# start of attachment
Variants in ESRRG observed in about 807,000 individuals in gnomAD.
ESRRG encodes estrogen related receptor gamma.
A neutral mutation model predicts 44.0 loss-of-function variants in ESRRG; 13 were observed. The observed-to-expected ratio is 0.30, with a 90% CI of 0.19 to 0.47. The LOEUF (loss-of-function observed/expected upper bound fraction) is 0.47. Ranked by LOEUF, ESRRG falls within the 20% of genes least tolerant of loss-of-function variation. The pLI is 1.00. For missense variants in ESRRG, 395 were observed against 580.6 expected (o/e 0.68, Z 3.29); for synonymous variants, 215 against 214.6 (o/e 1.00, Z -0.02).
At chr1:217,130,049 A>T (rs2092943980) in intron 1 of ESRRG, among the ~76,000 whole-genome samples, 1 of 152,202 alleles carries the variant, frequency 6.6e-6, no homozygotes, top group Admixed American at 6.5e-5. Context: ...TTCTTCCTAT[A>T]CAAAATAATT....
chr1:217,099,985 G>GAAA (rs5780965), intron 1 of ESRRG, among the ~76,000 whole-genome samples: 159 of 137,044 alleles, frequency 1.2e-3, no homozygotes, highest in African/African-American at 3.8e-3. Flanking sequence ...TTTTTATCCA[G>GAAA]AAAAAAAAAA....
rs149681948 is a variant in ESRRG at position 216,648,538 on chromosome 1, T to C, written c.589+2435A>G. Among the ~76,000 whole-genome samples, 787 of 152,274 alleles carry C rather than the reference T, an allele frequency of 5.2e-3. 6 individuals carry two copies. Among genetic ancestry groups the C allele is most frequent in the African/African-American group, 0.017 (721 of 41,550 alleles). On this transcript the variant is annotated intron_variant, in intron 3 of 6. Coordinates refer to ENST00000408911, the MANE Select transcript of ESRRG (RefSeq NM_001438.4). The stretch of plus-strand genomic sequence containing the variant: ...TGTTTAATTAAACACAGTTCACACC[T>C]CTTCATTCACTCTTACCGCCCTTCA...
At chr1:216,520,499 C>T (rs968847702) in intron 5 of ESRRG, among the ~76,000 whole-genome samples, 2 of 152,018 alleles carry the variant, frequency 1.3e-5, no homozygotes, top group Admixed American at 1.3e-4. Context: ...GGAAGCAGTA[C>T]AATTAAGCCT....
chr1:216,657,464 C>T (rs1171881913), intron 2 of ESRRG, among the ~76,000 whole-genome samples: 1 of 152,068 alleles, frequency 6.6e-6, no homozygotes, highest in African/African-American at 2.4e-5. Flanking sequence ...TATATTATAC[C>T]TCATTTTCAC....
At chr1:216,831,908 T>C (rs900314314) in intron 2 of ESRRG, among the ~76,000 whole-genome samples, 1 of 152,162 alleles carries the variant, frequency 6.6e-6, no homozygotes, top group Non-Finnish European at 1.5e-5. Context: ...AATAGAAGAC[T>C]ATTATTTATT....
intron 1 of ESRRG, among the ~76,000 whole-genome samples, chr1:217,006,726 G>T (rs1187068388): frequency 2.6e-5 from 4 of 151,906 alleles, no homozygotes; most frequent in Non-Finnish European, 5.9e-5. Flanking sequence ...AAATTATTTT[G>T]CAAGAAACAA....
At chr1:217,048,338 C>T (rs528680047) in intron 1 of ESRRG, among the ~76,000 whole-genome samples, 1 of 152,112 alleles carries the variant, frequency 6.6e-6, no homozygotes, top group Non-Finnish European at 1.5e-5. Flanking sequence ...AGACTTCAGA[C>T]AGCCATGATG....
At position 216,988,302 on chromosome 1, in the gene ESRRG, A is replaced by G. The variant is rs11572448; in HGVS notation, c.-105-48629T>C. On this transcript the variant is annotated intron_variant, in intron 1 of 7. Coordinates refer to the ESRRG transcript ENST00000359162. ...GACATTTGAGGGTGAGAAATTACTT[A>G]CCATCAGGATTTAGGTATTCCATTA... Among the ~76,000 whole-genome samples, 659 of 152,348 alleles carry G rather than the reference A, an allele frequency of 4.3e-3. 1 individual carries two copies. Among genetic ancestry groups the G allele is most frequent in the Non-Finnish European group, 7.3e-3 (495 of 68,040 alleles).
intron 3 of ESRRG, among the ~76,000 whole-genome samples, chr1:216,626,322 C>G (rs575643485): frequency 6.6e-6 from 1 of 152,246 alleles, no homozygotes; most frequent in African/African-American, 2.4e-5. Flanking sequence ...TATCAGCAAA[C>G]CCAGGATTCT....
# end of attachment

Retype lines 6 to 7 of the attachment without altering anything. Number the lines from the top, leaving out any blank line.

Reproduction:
rs149681948 is a variant in ESRRG at position 216,648,538 on chromosome 1, T to C, written c.589+2435A>G. Among the ~76,000 whole-genome samples, 787 of 152,274 alleles carry C rather than the reference T, an allele frequency of 5.2e-3. 6 individuals carry two copies. Among genetic ancestry groups the C allele is most frequent in the African/African-American group, 0.017 (721 of 41,550 alleles). On this transcript the variant is annotated intron_variant, in intron 3 of 6. Coordinates refer to ENST00000408911, the MANE Select transcript of ESRRG (RefSeq NM_001438.4). The stretch of plus-strand genomic sequence containing the variant: ...TGTTTAATTAAACACAGTTCACACC[T>C]CTTCATTCACTCTTACCGCCCTTCA...
At chr1:216,520,499 C>T (rs968847702) in intron 5 of ESRRG, among the ~76,000 whole-genome samples, 2 of 152,018 alleles carry the variant, frequency 1.3e-5, no homozygotes, top group Admixed American at 1.3e-4. Context: ...GGAAGCAGTA[C>T]AATTAAGCCT....